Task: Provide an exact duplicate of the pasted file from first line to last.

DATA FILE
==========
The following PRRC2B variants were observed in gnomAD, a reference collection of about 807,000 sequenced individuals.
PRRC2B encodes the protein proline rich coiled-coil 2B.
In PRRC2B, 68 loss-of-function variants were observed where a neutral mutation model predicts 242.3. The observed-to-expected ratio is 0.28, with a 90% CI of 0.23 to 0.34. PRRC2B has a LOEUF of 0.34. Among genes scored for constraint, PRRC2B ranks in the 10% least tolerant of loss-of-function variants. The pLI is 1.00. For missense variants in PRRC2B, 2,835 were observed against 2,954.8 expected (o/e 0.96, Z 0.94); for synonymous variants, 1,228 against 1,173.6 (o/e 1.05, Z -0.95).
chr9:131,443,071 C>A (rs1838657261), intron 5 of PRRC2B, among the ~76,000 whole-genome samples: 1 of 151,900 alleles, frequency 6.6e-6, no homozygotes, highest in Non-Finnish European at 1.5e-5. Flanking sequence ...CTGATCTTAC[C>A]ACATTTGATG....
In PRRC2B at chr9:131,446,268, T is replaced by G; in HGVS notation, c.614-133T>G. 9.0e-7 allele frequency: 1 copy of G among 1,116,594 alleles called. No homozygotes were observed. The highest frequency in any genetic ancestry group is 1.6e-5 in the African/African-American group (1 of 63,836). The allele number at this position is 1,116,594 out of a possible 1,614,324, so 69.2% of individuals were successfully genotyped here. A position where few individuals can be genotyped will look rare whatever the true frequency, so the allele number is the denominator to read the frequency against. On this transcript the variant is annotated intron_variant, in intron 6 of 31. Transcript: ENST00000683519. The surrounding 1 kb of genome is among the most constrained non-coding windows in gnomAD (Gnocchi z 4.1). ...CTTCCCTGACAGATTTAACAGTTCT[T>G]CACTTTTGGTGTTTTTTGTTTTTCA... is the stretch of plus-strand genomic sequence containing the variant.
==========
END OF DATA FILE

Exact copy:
The following PRRC2B variants were observed in gnomAD, a reference collection of about 807,000 sequenced individuals.
PRRC2B encodes the protein proline rich coiled-coil 2B.
In PRRC2B, 68 loss-of-function variants were observed where a neutral mutation model predicts 242.3. The observed-to-expected ratio is 0.28, with a 90% CI of 0.23 to 0.34. PRRC2B has a LOEUF of 0.34. Among genes scored for constraint, PRRC2B ranks in the 10% least tolerant of loss-of-function variants. The pLI is 1.00. For missense variants in PRRC2B, 2,835 were observed against 2,954.8 expected (o/e 0.96, Z 0.94); for synonymous variants, 1,228 against 1,173.6 (o/e 1.05, Z -0.95).
chr9:131,443,071 C>A (rs1838657261), intron 5 of PRRC2B, among the ~76,000 whole-genome samples: 1 of 151,900 alleles, frequency 6.6e-6, no homozygotes, highest in Non-Finnish European at 1.5e-5. Flanking sequence ...CTGATCTTAC[C>A]ACATTTGATG....
In PRRC2B at chr9:131,446,268, T is replaced by G; in HGVS notation, c.614-133T>G. 9.0e-7 allele frequency: 1 copy of G among 1,116,594 alleles called. No homozygotes were observed. The highest frequency in any genetic ancestry group is 1.6e-5 in the African/African-American group (1 of 63,836). The allele number at this position is 1,116,594 out of a possible 1,614,324, so 69.2% of individuals were successfully genotyped here. A position where few individuals can be genotyped will look rare whatever the true frequency, so the allele number is the denominator to read the frequency against. On this transcript the variant is annotated intron_variant, in intron 6 of 31. Transcript: ENST00000683519. The surrounding 1 kb of genome is among the most constrained non-coding windows in gnomAD (Gnocchi z 4.1). ...CTTCCCTGACAGATTTAACAGTTCT[T>G]CACTTTTGGTGTTTTTTGTTTTTCA... is the stretch of plus-strand genomic sequence containing the variant.